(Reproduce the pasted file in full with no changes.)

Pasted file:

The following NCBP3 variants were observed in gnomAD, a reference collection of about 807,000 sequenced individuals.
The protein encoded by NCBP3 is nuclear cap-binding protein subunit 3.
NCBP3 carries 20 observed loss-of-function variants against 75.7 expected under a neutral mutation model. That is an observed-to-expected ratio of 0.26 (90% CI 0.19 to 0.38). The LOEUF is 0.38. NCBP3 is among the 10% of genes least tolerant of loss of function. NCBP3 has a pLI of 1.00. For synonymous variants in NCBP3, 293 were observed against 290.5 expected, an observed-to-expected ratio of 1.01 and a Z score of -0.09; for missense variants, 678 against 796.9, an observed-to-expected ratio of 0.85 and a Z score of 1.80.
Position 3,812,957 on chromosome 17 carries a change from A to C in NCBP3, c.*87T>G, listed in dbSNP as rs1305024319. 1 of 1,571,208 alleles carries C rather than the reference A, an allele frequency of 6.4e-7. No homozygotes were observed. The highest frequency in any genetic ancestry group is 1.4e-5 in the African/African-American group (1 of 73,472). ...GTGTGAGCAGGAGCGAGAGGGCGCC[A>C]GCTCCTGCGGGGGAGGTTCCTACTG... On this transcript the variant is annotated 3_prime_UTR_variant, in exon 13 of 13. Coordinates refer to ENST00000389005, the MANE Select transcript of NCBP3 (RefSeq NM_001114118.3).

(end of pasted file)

The following NCBP3 variants were observed in gnomAD, a reference collection of about 807,000 sequenced individuals.
The protein encoded by NCBP3 is nuclear cap-binding protein subunit 3.
NCBP3 carries 20 observed loss-of-function variants against 75.7 expected under a neutral mutation model. That is an observed-to-expected ratio of 0.26 (90% CI 0.19 to 0.38). The LOEUF is 0.38. NCBP3 is among the 10% of genes least tolerant of loss of function. NCBP3 has a pLI of 1.00. For synonymous variants in NCBP3, 293 were observed against 290.5 expected, an observed-to-expected ratio of 1.01 and a Z score of -0.09; for missense variants, 678 against 796.9, an observed-to-expected ratio of 0.85 and a Z score of 1.80.
Position 3,812,957 on chromosome 17 carries a change from A to C in NCBP3, c.*87T>G, listed in dbSNP as rs1305024319. 1 of 1,571,208 alleles carries C rather than the reference A, an allele frequency of 6.4e-7. No homozygotes were observed. The highest frequency in any genetic ancestry group is 1.4e-5 in the African/African-American group (1 of 73,472). ...GTGTGAGCAGGAGCGAGAGGGCGCC[A>C]GCTCCTGCGGGGGAGGTTCCTACTG... On this transcript the variant is annotated 3_prime_UTR_variant, in exon 13 of 13. Coordinates refer to ENST00000389005, the MANE Select transcript of NCBP3 (RefSeq NM_001114118.3).